For the show bench


Marrows are  best started in March  or April  in  pots  propagator in a warm greenhouse.  Once they are growing away  select the best ones and keep potting on until they reach a reasonable size.  By May they should be planted in a greenhouse or polytunnel bed that has been deeply dug and heavily enriched with well rotted compost.  I use a barrow load per metre but if the soil is rich you may be able to use less.   The plants grow away very quickly and they need to be trained up strings or canes until they are just under roof level and then trained  and well-supported down the length of the greenhouse or polytunnel.  Keep them well watered  at all times.  As  fruit form  and ensure that it is hanging down  and not touching anything.  This way you will get well shaped fruit that is evenly coloured on every side.  You  need quite a few fruit  in order to get a well matched pair and I generally let a large plant keep 3-4 fruit  on each plant at a time.  One of the best strains for exhibition is Table Dainty but there are others such as Bush Baby.  Once you have grown it don’t forget to save seeds from the fruit  for next year.





Growing giants


To grow a giant marrow you need the right seed an ordinary strain simply will not make the size required.   For large varieties start them off in pots and when the weather is warm plant them out on a heavily enriched gentle mound of soil.  Keep well-watered and they will rapidly spread and grow away but only allow one or maybe 2 fruit to develop. Rest the developing marrow on some stray to keep its base clean.  If you want a really huge specimen growing then under cover is preferable.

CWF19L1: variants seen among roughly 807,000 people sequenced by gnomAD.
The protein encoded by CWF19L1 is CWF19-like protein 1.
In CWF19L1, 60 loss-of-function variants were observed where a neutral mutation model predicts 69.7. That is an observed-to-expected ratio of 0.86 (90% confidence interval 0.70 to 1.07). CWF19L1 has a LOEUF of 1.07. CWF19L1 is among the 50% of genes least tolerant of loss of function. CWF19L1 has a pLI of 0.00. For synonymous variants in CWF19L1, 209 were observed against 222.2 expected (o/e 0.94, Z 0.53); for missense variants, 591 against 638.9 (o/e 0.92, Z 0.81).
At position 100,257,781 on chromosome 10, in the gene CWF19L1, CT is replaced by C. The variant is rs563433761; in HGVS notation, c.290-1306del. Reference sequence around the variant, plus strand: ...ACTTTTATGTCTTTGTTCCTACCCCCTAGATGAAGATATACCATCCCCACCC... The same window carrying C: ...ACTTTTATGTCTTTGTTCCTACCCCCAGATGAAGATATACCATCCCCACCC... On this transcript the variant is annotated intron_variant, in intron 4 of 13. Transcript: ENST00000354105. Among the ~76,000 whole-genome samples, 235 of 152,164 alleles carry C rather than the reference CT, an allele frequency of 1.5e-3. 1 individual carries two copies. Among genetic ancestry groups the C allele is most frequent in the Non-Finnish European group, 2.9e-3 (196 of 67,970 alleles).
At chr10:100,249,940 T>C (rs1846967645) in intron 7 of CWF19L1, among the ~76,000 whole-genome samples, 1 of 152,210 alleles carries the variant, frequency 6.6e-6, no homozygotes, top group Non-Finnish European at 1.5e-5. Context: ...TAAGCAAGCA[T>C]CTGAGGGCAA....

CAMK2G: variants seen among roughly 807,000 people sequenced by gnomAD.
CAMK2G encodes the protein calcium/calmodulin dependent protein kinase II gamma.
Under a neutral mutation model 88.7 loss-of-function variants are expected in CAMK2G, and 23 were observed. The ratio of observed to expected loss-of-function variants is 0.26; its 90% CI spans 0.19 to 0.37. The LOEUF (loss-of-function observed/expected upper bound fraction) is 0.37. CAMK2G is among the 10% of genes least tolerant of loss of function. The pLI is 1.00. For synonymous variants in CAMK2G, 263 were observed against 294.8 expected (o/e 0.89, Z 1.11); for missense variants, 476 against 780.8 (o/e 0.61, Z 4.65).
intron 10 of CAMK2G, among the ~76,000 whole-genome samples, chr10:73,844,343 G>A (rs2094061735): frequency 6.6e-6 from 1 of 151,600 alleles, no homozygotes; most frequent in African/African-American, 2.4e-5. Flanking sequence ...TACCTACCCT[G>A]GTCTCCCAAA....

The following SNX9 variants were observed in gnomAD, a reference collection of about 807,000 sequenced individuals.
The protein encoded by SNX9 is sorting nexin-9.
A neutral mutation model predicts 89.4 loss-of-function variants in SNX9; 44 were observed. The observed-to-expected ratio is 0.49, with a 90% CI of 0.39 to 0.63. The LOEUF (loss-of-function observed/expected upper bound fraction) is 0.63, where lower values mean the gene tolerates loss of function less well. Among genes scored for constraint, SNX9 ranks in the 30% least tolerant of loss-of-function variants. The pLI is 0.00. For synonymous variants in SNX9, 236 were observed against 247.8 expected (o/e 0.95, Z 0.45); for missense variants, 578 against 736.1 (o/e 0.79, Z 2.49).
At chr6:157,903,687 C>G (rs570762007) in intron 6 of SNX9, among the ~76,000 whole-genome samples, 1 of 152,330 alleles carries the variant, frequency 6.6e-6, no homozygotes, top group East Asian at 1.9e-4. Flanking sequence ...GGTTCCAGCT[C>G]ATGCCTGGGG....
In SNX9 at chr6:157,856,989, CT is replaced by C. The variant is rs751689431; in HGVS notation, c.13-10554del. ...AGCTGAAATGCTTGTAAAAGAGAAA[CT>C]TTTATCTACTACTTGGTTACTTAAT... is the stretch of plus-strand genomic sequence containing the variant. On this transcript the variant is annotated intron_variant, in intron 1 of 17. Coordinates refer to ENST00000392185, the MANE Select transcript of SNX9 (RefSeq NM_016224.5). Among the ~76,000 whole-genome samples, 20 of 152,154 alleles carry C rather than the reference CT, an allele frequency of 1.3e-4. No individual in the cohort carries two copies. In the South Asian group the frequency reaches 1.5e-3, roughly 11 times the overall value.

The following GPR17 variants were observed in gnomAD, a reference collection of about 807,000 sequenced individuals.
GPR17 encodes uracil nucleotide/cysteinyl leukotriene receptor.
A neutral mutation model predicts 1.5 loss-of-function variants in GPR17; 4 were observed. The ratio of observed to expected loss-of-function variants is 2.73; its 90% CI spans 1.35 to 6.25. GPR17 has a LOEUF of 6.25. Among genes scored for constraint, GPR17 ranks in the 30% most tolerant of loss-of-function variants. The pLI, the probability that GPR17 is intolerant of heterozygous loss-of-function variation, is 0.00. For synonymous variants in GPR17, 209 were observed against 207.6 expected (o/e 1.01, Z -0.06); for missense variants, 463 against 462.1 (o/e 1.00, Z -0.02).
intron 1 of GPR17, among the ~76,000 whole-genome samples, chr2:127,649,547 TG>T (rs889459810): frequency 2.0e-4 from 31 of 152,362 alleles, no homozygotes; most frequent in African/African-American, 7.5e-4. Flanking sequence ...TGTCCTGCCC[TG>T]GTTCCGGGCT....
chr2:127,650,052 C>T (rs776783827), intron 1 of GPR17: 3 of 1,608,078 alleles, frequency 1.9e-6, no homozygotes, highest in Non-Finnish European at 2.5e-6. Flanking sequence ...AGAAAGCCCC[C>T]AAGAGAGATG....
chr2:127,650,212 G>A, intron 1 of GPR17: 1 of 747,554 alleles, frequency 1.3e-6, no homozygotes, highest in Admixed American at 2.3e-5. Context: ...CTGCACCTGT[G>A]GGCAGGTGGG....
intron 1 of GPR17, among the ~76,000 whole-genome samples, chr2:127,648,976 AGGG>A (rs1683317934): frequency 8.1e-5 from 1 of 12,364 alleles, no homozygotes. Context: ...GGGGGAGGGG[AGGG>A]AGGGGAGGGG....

Growing for the pot


Just plant them out in rich soil and they will do their stuff without much bother.   Keep them well-weeded until they start to shade out the surrounding weeds. Traditionally they have been planted on the compost heap where they thrive in the warm rich substrate.  Harvest then at a  smaller usable size  - it is better to have a good number of fruit you can use over a period of time than one or two large marrows that go to waste.   Remember that a very small marrow is simply a courgette!

Vegetable Marrows are a type of squash.   They are broadly classified into two types namely a summer and winter  squashes.  


Summer squashes which include  young marrows  often called courgette, or zucchini are harvested in the summer and used immediately.  


Winter squashes are harvested later when the skins have hardened and  then stored.  Butternut squash and pumpkins are classic winter squashes but large marrows could equally be described thus.



Most parts of squash plants are edible and the shoots, tendrils and leaves can be eaten as greens.   However the dried or roasted seed of squashes can be especially delicious and well worth a  the effort of collecting and preparing them.